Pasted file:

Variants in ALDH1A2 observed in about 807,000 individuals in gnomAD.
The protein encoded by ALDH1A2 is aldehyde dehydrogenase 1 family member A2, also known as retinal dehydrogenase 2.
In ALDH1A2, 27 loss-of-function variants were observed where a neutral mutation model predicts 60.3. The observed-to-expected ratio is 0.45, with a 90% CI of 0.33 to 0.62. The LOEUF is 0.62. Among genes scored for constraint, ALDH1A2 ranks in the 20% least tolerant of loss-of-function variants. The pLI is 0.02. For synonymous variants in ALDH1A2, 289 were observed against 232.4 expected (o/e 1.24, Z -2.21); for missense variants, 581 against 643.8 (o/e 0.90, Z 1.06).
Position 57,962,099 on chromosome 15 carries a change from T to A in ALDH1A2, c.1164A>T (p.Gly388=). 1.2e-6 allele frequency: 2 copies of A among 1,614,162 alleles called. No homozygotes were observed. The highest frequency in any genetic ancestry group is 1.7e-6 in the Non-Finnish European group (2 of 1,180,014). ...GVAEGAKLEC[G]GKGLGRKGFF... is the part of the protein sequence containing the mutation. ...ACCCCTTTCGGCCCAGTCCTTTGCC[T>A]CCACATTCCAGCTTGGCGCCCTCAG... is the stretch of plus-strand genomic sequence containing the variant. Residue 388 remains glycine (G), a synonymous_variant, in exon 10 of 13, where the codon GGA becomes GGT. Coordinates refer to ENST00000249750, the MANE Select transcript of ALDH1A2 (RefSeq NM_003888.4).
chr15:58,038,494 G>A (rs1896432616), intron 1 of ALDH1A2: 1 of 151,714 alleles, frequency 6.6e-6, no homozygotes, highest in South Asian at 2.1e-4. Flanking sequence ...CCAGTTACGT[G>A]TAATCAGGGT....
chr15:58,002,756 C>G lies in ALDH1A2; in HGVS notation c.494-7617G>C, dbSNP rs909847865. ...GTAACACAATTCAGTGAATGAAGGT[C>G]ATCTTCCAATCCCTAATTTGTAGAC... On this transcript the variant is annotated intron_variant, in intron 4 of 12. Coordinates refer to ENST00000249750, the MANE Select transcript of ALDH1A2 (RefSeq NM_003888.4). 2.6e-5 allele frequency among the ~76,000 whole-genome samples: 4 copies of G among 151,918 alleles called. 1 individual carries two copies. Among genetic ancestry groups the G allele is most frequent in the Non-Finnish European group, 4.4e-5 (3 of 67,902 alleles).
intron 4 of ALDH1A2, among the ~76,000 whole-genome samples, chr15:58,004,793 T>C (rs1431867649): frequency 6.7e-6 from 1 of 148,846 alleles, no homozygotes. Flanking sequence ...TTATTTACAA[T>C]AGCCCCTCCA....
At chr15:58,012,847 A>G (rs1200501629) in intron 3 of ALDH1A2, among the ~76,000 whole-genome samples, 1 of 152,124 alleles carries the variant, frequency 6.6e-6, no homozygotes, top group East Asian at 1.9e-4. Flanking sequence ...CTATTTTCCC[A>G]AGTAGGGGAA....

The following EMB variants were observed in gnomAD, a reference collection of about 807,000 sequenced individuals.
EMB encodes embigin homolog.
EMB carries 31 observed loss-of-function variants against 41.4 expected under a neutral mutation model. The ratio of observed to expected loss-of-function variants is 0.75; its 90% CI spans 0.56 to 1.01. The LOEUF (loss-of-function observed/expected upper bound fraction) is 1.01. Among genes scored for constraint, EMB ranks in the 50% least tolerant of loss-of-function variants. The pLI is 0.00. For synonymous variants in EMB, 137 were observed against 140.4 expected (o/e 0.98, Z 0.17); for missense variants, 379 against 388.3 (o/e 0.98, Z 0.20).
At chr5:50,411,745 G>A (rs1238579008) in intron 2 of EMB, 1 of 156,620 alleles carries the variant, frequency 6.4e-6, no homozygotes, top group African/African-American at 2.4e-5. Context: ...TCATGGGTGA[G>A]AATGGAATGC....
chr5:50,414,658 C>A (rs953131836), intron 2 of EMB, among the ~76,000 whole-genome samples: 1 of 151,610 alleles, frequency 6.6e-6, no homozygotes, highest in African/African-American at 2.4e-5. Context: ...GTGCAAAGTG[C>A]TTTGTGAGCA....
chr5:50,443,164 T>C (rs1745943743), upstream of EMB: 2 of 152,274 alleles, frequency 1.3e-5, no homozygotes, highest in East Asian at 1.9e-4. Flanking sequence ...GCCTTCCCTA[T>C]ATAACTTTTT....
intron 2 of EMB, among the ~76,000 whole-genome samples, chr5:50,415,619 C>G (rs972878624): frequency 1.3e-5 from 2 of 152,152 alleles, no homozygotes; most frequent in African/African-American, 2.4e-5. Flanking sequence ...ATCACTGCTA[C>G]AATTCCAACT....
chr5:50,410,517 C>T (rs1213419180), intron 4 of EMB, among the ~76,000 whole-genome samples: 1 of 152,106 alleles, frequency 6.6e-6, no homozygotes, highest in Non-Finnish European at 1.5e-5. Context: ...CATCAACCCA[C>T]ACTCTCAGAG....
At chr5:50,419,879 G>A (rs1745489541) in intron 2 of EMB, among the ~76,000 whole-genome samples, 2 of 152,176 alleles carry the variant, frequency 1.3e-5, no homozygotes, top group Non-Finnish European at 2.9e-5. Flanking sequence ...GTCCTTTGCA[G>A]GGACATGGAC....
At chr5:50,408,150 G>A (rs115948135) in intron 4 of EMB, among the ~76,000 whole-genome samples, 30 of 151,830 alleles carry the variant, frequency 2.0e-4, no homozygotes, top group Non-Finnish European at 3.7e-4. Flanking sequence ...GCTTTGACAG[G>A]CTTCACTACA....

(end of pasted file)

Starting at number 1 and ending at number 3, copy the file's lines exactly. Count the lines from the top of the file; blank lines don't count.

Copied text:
Variants in ALDH1A2 observed in about 807,000 individuals in gnomAD.
The protein encoded by ALDH1A2 is aldehyde dehydrogenase 1 family member A2, also known as retinal dehydrogenase 2.
In ALDH1A2, 27 loss-of-function variants were observed where a neutral mutation model predicts 60.3. The observed-to-expected ratio is 0.45, with a 90% CI of 0.33 to 0.62. The LOEUF is 0.62. Among genes scored for constraint, ALDH1A2 ranks in the 20% least tolerant of loss-of-function variants. The pLI is 0.02. For synonymous variants in ALDH1A2, 289 were observed against 232.4 expected (o/e 1.24, Z -2.21); for missense variants, 581 against 643.8 (o/e 0.90, Z 1.06).